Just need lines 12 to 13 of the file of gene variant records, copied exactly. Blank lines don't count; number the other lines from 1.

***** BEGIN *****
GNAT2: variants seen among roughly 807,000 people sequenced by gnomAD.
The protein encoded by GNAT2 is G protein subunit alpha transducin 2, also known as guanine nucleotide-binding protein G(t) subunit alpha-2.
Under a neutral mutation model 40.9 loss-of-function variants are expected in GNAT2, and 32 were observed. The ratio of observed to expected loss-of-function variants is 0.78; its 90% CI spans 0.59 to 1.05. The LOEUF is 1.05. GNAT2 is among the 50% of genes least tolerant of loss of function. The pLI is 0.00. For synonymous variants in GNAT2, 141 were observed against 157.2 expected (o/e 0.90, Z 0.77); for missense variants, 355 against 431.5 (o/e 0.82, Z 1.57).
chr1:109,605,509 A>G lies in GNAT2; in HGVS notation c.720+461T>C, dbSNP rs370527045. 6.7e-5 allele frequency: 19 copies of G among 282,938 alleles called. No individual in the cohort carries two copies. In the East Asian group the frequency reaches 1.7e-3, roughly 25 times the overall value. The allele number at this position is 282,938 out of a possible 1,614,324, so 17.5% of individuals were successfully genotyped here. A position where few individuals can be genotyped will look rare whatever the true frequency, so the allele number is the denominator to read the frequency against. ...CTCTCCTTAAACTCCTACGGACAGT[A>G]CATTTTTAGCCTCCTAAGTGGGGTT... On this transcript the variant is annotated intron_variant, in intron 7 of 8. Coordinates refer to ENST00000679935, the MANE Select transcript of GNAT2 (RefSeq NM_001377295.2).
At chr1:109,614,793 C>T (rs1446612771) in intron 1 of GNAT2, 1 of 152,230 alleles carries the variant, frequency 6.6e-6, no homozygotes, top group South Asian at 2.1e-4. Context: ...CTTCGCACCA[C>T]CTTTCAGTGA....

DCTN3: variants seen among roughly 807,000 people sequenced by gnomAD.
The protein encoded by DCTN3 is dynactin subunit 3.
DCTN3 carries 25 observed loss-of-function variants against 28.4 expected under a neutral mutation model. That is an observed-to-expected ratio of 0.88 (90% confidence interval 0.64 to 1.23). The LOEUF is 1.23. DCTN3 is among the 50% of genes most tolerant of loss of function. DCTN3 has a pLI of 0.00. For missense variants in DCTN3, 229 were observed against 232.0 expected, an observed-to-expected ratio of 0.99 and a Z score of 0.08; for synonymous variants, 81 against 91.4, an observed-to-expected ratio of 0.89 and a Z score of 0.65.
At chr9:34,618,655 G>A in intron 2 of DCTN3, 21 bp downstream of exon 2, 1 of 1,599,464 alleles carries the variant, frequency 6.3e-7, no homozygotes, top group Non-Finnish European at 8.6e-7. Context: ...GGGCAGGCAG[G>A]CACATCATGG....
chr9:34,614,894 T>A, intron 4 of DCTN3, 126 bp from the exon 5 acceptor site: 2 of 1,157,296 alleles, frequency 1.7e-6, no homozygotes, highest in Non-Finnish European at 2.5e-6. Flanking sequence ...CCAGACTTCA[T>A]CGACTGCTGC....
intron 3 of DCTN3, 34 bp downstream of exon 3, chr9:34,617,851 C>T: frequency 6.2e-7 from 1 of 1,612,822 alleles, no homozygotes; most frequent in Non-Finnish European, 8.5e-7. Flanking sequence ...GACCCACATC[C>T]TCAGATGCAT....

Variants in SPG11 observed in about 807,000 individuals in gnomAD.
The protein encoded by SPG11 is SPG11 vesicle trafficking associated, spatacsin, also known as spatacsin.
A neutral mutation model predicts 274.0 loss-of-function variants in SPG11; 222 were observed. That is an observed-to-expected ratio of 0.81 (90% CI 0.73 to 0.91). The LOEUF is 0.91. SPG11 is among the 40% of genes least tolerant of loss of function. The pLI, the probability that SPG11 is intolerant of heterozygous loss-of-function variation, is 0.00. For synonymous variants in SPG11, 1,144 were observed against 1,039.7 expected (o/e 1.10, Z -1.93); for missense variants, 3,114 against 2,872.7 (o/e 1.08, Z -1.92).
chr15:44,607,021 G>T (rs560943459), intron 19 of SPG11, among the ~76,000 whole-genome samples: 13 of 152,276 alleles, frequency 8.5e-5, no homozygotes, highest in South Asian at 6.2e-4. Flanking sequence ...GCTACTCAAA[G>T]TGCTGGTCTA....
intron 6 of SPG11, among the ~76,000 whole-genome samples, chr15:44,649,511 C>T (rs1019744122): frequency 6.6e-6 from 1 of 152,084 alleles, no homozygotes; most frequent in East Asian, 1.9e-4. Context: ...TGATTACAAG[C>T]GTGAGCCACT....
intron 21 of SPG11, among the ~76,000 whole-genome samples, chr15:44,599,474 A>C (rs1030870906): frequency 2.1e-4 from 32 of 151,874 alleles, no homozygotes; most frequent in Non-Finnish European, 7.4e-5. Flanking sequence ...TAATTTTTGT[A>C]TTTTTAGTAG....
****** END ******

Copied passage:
Variants in SPG11 observed in about 807,000 individuals in gnomAD.
The protein encoded by SPG11 is SPG11 vesicle trafficking associated, spatacsin, also known as spatacsin.